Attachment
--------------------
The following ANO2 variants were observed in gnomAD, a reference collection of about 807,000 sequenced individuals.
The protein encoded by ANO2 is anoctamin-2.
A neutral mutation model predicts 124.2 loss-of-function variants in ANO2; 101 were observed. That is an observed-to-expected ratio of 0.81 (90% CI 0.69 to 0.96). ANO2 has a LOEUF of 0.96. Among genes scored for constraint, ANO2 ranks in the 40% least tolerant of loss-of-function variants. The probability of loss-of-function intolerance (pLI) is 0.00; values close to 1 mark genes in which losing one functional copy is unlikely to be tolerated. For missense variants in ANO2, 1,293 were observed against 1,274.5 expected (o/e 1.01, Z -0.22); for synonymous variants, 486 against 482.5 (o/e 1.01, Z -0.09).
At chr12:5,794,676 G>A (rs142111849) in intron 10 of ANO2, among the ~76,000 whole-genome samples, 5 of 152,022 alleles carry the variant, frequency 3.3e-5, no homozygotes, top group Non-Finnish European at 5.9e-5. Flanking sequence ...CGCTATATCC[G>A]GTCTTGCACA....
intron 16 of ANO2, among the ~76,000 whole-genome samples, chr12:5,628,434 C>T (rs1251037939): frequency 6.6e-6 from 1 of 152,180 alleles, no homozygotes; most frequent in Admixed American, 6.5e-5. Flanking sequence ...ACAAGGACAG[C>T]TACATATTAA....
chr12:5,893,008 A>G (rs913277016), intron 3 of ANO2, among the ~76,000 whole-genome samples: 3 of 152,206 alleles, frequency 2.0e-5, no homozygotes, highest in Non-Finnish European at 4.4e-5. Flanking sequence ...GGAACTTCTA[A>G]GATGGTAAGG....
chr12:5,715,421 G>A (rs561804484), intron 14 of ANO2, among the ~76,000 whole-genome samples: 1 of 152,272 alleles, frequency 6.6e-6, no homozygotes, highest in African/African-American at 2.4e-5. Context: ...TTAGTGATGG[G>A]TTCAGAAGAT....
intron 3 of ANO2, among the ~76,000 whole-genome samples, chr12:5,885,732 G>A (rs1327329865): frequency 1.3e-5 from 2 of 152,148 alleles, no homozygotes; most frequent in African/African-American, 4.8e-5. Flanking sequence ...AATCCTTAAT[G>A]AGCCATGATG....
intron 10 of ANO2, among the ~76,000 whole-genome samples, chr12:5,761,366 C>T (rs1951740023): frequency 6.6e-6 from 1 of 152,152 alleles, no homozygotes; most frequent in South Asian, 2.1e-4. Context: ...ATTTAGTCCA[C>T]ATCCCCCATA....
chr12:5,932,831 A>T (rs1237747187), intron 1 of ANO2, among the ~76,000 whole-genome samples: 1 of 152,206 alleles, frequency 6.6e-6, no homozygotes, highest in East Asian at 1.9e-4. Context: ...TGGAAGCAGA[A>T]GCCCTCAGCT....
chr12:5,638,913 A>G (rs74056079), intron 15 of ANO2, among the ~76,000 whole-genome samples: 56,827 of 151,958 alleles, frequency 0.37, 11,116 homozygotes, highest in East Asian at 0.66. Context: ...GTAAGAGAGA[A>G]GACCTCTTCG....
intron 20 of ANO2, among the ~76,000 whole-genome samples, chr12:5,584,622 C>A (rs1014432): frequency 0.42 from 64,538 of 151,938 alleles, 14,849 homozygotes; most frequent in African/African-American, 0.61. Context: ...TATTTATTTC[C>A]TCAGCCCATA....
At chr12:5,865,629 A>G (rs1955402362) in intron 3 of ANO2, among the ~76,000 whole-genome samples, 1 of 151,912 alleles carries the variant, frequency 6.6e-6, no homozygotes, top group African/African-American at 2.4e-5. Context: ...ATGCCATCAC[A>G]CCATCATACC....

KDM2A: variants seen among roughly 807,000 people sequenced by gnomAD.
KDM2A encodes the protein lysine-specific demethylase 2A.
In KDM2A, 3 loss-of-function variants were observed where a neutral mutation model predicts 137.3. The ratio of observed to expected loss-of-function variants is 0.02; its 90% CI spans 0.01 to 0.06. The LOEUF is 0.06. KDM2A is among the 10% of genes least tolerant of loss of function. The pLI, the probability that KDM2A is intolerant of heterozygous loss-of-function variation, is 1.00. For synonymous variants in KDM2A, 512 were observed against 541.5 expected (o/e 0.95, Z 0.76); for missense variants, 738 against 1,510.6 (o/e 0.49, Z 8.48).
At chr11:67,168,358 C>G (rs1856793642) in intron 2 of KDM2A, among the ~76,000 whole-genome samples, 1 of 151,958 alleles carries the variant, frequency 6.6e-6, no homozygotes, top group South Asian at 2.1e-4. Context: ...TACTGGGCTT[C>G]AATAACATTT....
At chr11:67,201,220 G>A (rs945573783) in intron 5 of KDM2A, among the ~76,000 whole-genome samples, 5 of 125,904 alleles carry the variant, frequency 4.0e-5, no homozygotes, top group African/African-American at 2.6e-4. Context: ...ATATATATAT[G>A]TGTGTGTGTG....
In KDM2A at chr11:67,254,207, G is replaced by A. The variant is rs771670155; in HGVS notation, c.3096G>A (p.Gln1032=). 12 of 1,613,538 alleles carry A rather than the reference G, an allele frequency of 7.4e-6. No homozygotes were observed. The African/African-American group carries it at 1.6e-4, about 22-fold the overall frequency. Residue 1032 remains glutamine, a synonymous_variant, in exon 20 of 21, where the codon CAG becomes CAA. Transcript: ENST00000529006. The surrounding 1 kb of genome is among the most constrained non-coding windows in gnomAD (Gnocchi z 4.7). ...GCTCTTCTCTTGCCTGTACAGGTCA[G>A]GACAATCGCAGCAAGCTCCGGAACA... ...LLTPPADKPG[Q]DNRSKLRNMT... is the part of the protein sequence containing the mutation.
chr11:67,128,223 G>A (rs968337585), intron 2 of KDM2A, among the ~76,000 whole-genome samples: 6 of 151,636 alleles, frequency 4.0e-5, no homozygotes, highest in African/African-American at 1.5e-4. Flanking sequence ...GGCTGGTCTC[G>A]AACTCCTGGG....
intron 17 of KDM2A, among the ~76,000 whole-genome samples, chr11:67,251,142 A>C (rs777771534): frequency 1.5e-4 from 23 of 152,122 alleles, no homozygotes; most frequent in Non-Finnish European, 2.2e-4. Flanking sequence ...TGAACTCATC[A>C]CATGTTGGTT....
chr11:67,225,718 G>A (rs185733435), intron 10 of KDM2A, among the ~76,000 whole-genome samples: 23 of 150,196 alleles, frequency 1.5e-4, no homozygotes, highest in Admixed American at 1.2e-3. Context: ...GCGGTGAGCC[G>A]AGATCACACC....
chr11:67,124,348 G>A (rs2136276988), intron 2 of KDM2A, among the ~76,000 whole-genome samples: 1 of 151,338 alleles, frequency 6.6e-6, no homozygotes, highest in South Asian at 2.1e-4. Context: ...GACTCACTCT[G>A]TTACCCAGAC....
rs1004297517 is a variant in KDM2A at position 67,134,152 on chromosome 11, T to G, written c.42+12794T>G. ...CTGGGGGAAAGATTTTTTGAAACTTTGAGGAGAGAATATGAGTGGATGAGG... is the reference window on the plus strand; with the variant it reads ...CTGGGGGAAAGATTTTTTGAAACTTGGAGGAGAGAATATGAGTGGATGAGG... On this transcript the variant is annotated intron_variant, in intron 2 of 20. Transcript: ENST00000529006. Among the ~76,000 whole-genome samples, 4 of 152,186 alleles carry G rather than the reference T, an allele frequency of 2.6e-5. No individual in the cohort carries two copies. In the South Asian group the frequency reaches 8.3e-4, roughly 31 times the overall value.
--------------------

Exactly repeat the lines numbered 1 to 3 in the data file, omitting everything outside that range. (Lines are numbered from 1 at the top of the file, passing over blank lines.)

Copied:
The following ANO2 variants were observed in gnomAD, a reference collection of about 807,000 sequenced individuals.
The protein encoded by ANO2 is anoctamin-2.
A neutral mutation model predicts 124.2 loss-of-function variants in ANO2; 101 were observed. That is an observed-to-expected ratio of 0.81 (90% CI 0.69 to 0.96). ANO2 has a LOEUF of 0.96. Among genes scored for constraint, ANO2 ranks in the 40% least tolerant of loss-of-function variants. The probability of loss-of-function intolerance (pLI) is 0.00; values close to 1 mark genes in which losing one functional copy is unlikely to be tolerated. For missense variants in ANO2, 1,293 were observed against 1,274.5 expected (o/e 1.01, Z -0.22); for synonymous variants, 486 against 482.5 (o/e 1.01, Z -0.09).